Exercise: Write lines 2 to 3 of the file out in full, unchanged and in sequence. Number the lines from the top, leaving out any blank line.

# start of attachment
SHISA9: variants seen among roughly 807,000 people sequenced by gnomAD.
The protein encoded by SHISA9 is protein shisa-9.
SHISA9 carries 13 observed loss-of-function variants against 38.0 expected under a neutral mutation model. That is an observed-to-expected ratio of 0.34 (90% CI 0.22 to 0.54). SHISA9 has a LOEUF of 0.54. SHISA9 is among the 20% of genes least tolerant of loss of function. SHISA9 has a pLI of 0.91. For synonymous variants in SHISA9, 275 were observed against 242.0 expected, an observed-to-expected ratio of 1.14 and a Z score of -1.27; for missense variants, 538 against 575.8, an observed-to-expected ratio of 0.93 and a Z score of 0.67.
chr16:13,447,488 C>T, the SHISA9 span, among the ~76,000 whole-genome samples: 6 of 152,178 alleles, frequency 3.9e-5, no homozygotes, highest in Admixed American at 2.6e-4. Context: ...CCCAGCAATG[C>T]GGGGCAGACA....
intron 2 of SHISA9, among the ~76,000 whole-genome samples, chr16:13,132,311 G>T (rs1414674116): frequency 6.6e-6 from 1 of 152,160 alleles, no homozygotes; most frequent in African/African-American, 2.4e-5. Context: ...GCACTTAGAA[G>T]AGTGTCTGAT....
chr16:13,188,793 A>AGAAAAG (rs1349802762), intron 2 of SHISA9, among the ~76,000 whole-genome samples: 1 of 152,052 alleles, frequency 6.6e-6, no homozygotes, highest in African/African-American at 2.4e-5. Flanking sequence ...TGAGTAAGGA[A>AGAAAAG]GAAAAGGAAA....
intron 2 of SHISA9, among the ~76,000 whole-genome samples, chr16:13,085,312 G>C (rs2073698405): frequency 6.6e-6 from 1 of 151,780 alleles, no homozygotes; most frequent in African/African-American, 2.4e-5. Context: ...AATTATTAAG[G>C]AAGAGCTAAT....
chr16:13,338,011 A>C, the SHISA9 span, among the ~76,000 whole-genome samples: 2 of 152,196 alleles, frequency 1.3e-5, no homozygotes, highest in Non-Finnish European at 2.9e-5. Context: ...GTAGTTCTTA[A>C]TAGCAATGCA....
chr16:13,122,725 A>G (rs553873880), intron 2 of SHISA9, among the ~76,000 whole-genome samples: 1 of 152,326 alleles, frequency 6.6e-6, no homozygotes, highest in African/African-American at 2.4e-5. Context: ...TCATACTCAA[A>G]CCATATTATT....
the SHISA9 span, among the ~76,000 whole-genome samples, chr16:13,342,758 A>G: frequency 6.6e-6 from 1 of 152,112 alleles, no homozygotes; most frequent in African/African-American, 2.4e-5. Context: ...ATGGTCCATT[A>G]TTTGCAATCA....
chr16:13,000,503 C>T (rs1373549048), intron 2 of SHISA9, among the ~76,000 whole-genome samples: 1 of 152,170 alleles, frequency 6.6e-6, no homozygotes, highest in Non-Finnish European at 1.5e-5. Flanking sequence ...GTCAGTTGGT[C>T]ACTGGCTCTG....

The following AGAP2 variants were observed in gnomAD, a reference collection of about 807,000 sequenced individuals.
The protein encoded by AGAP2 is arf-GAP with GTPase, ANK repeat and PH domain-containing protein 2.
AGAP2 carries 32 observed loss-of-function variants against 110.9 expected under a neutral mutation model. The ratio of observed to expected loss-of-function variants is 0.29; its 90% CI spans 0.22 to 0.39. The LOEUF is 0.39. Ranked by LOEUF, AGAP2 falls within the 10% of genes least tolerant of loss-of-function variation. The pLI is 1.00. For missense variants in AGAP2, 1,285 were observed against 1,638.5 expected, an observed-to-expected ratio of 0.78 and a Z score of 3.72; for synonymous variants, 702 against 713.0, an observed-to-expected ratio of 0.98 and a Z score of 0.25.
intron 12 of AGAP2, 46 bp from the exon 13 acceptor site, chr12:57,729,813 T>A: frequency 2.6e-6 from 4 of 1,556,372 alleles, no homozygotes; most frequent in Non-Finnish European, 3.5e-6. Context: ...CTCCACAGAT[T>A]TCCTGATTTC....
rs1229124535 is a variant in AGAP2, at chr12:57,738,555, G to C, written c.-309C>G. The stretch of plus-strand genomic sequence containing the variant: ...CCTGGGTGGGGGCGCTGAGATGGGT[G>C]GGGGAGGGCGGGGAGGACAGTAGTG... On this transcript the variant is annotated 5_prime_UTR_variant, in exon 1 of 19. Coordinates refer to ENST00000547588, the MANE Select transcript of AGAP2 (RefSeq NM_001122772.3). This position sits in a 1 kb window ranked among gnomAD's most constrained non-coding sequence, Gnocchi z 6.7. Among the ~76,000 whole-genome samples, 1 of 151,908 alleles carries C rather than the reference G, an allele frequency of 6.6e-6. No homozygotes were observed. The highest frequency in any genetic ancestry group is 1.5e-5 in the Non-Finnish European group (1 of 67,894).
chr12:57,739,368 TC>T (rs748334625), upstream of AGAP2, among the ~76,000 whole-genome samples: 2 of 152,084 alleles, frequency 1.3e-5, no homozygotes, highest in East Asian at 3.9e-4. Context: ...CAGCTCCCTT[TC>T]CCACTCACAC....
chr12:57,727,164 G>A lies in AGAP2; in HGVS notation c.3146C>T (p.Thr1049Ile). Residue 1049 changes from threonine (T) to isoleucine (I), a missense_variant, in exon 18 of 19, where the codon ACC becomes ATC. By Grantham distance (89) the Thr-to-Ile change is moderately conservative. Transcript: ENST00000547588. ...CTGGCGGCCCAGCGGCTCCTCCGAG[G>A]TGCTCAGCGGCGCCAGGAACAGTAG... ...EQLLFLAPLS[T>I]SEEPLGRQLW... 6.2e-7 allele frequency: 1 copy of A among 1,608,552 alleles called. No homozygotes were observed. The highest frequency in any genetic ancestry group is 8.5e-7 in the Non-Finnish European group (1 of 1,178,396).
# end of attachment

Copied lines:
The protein encoded by SHISA9 is protein shisa-9.
SHISA9 carries 13 observed loss-of-function variants against 38.0 expected under a neutral mutation model. That is an observed-to-expected ratio of 0.34 (90% CI 0.22 to 0.54). SHISA9 has a LOEUF of 0.54. SHISA9 is among the 20% of genes least tolerant of loss of function. SHISA9 has a pLI of 0.91. For synonymous variants in SHISA9, 275 were observed against 242.0 expected, an observed-to-expected ratio of 1.14 and a Z score of -1.27; for missense variants, 538 against 575.8, an observed-to-expected ratio of 0.93 and a Z score of 0.67.